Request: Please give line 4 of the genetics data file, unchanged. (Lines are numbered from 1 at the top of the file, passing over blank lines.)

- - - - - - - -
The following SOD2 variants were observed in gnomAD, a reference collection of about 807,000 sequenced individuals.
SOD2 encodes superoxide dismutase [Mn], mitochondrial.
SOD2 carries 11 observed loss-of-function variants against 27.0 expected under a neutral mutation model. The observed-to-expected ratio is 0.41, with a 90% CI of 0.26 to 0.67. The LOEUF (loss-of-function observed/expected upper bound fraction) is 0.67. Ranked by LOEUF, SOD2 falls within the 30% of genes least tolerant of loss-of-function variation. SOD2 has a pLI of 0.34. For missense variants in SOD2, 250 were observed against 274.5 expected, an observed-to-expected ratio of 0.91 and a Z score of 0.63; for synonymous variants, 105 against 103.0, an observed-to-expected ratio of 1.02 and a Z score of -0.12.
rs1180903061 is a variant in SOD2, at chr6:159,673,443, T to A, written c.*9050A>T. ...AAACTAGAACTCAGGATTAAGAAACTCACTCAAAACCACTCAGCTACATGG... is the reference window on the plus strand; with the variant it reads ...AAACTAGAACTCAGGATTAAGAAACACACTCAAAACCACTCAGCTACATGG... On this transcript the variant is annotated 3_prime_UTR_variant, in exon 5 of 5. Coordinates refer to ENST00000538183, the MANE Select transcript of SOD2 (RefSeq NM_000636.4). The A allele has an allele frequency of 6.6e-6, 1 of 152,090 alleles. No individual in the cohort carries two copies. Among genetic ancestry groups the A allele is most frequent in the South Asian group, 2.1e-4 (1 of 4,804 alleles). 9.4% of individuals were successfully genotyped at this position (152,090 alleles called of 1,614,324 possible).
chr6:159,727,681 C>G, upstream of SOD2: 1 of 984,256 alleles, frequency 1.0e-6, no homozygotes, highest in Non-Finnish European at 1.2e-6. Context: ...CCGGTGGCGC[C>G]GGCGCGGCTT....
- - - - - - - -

rs1180903061 is a variant in SOD2, at chr6:159,673,443, T to A, written c.*9050A>T. ...AAACTAGAACTCAGGATTAAGAAACTCACTCAAAACCACTCAGCTACATGG... is the reference window on the plus strand; with the variant it reads ...AAACTAGAACTCAGGATTAAGAAACACACTCAAAACCACTCAGCTACATGG... On this transcript the variant is annotated 3_prime_UTR_variant, in exon 5 of 5. Coordinates refer to ENST00000538183, the MANE Select transcript of SOD2 (RefSeq NM_000636.4). The A allele has an allele frequency of 6.6e-6, 1 of 152,090 alleles. No individual in the cohort carries two copies. Among genetic ancestry groups the A allele is most frequent in the South Asian group, 2.1e-4 (1 of 4,804 alleles). 9.4% of individuals were successfully genotyped at this position (152,090 alleles called of 1,614,324 possible).